Dan Stroot

Performing a Complete Role

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2 min read

Bob joined the company six months ago. Bob is working hard and super excited about everything he’s getting done. He feels like he’s doing the best work of his career, cranking out tons of great stuff, going way above and beyond. It feels great and he can’t wait for his review when Gloria will recognize all his effort and contribution.

Except one day, in one of their one-on-ones, Gloria takes a deep breath and tells him that he’s underperforming.

The first thing Bob feels is shock. Underperforming? Really? Then he feels anger at Gloria for not seeing things the way he does. How could she be so blind to all his hard work? Then he feels dejected that his manager’s view of him is so far from his own, and then there’s the wave of self-doubt: maybe his best just isn’t good enough, or maybe this team will just never value his strengths and he’ll have to move on. Resignation starts to set in.

Gloria is just as frustrated, because try as she might to explain what she sees as very basic responsibilities Bob is dropping, it doesn’t seem to stick. Things are suffering because of Bob’s negligence, but the message just doesn’t seem to get through to him. When she suggests specifics that he could work on, Bob reacts with exasperation. To him, it seems Gloria is just piling time-consuming minutiae on top of the real, significant contributions already taking up all his time.

Bob’s problem: he is performing an incomplete role, doing some work exceptionally well but in a way that leaves other necessary work undone. It's "donut shaped" - there is a hole in the middle. He’s doing what he judges is valuable and important, but not the complete role his manager is asking from him.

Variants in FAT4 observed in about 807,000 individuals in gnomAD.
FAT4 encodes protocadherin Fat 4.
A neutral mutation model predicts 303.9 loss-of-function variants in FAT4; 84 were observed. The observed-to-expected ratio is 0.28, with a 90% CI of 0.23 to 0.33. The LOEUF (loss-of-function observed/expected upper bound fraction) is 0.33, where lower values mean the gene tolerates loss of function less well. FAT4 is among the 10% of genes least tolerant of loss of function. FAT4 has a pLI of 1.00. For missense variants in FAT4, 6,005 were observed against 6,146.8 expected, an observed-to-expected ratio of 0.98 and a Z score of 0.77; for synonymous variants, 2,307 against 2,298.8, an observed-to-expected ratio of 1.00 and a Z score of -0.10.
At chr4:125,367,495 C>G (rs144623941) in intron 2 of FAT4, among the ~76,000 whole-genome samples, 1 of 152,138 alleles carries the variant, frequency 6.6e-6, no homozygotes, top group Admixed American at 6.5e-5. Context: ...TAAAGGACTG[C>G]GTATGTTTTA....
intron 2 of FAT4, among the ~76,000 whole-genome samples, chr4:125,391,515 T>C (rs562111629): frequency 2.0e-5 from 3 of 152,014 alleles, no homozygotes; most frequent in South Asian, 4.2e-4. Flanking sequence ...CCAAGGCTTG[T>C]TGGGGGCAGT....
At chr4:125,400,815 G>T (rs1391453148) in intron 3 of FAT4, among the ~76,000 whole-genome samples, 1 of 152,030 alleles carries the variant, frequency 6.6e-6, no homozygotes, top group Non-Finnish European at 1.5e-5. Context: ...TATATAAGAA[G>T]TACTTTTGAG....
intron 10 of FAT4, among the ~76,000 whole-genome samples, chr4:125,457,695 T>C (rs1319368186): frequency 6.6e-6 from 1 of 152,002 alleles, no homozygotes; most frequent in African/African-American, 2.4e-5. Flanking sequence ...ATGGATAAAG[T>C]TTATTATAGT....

Most feedback loops don’t address this type of gap well. A lot of review conversations tend to focus on strengths, weaknesses, and specific work results. These seem like reasonable topics, and there’s value there, but I also find this often leads to a review that looks like this:

Personal Score 1

This the “Dungeons & Dragons Character Sheet” model of professional evaluation. You could literally do that if you wanted:

Personal Score 2

This is clearly not a good measure of Bob's value to the team.

Many of you may be thinking that Bob and Gloria need to agree on his job description, but how many of us have ever really used a job description to define our role? How many of us have pulled out our job description in a conversation with our manager? Not many I suspect, but perhaps it could be valuable exercise if it leads to the discussion of what Gloria values in the role.

The key challenge in this case is Bob is making his own determination of what is valuable, and his view isn’t aligned with Gloria’s. If Bob and Gloria could align on her view of what work is valuable and important, their conversations would be much more productive. During conversations about performance, Bob and Gloria must start there. If Bob thinks what Gloria is asking for isn't important he needs to ask Gloria about the value of that work from her perspective. He needs to ask her what a "complete role" looks like from her view, and he needs to try to understand the value associated with performing a complete role.

Are you performing a "complete role"?

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